Adam Smith

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Related to Adam Smith: David Ricardo, Karl Marx

Smith, Adam,

1723–90, Scottish economist, educated at Glasgow and Oxford. He became professor of moral philosophy at the Univ. of Glasgow in 1752, and while teaching there wrote his Theory of Moral Sentiments (1759), which gave him the beginnings of an international reputation. He traveled on the Continent from 1764 to 1766 as tutor to the duke of Buccleuch and while in France met some of the physiocratsphysiocrats
, school of French thinkers in the 18th cent. who evolved the first complete system of economics. They were also referred to simply as "the economists" or "the sect." The founder and leader of physiocracy was François Quesnay.
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 and began to write An Inquiry into the Nature and Causes of the Wealth of Nations, finally published in 1776.

In that work, Smith postulated the theory of the division of labor and emphasized that value arises from the labor expended in the process of production. He was led by the rationalist current of the century, as well as by the more direct influence of HumeHume, David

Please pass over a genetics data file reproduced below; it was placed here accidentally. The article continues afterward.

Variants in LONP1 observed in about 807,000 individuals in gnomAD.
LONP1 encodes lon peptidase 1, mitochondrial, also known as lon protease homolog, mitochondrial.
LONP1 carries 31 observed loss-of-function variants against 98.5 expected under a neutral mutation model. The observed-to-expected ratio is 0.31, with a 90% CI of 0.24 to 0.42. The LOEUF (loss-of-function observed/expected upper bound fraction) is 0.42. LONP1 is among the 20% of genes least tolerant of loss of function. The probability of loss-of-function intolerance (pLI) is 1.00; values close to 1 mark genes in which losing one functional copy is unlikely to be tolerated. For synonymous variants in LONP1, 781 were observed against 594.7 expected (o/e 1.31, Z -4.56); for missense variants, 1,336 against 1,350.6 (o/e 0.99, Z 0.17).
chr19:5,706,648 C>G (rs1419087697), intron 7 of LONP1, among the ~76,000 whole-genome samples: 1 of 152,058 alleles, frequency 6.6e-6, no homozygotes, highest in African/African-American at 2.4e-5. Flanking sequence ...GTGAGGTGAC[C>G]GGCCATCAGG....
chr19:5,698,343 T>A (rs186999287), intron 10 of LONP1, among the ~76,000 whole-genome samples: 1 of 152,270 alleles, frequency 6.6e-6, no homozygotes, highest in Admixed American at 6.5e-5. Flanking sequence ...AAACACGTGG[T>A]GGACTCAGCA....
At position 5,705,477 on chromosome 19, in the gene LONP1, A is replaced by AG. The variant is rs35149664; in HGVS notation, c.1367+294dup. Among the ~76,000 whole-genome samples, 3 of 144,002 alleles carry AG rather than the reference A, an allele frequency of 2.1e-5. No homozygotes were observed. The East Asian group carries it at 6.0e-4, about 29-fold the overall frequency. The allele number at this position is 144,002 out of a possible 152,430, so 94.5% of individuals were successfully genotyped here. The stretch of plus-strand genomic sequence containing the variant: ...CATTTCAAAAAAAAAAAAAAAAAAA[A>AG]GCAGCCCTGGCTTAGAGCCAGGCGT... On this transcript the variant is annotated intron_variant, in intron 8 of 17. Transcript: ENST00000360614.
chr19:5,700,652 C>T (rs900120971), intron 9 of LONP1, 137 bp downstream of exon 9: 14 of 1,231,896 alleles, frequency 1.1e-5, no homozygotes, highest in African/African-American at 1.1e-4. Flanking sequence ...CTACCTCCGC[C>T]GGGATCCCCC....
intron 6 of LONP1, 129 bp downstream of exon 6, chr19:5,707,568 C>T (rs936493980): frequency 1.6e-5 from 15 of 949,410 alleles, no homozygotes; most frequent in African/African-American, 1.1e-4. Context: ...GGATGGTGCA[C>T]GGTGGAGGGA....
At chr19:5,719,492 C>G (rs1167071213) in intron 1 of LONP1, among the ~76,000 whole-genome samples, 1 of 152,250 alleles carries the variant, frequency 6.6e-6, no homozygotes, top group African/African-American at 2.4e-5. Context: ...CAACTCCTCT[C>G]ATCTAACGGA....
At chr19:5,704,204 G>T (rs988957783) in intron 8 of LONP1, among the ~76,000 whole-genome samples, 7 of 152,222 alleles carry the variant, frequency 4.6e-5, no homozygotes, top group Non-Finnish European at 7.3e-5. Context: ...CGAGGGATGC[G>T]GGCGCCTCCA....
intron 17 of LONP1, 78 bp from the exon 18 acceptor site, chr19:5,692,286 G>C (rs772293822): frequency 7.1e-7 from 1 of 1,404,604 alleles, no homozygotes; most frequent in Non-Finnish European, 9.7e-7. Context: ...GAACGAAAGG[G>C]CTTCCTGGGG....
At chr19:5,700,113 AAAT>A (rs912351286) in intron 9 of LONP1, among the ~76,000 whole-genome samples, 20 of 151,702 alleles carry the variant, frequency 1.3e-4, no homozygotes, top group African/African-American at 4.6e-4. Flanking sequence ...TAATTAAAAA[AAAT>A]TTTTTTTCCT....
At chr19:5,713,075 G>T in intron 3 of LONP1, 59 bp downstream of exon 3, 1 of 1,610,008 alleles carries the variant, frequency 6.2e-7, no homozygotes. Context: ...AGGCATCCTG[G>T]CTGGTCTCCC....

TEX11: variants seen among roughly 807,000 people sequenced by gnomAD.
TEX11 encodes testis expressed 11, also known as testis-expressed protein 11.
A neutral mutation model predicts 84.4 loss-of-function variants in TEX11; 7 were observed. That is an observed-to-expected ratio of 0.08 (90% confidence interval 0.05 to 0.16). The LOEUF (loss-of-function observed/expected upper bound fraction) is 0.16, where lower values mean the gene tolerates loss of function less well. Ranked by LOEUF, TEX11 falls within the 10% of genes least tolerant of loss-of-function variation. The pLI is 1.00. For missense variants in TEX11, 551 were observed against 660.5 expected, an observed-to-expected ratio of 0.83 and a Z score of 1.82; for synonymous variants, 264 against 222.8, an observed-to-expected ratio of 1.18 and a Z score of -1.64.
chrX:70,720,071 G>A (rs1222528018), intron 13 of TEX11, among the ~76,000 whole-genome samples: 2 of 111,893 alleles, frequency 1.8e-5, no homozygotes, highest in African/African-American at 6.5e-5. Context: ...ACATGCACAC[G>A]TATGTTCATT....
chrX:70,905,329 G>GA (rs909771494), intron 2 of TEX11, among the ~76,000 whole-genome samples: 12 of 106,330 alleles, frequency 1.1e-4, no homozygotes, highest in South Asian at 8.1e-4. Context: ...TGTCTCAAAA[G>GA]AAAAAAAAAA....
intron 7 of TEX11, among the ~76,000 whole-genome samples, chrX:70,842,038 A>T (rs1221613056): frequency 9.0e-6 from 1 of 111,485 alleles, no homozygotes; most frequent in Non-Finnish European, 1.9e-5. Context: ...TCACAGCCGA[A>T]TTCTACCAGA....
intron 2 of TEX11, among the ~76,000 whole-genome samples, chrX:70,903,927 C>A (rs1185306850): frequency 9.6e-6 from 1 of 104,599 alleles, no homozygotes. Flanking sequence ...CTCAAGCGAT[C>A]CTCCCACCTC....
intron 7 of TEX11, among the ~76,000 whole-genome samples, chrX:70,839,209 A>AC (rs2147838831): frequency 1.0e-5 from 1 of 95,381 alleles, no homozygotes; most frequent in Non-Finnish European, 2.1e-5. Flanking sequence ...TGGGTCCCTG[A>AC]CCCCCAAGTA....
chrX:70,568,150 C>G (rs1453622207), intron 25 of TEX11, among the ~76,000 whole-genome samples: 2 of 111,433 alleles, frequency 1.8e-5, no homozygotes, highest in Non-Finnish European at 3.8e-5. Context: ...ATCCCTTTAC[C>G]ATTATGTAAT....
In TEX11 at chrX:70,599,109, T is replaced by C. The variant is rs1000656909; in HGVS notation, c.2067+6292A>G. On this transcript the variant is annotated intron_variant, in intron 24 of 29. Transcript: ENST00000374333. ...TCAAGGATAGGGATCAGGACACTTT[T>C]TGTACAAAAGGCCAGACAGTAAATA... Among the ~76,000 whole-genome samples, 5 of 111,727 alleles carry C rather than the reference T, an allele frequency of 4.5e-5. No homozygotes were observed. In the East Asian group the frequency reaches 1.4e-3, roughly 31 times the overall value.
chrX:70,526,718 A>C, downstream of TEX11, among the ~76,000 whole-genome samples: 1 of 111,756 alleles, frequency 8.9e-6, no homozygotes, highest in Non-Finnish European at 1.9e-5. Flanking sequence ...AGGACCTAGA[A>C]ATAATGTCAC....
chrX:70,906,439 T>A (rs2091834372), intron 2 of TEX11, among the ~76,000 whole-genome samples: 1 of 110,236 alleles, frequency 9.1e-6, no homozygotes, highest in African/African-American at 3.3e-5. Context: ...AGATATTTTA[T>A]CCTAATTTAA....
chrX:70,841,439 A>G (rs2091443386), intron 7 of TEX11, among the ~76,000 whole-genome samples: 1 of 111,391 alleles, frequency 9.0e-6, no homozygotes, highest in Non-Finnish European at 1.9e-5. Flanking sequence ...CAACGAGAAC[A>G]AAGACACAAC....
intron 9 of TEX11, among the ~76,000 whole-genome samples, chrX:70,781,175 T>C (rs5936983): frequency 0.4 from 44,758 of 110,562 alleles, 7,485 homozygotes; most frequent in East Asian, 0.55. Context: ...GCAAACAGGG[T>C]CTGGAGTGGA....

, 1711–76, Scottish philosopher and historian. Educated at Edinburgh, he lived (1734–37) in France, where he finished his first philosophical work, A Treatise of Human Nature (1739–40).
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 and others, to believe that in a laissez-faire economy the impulse of self-interest would bring about the public welfare; at the same time he was capable of appreciating that private groups such as manufacturers might at times oppose the public interest. Smith was opposed to monopolies and the concepts of mercantilism in general but admitted restrictions to free trade, such as the Navigation ActsNavigation Acts,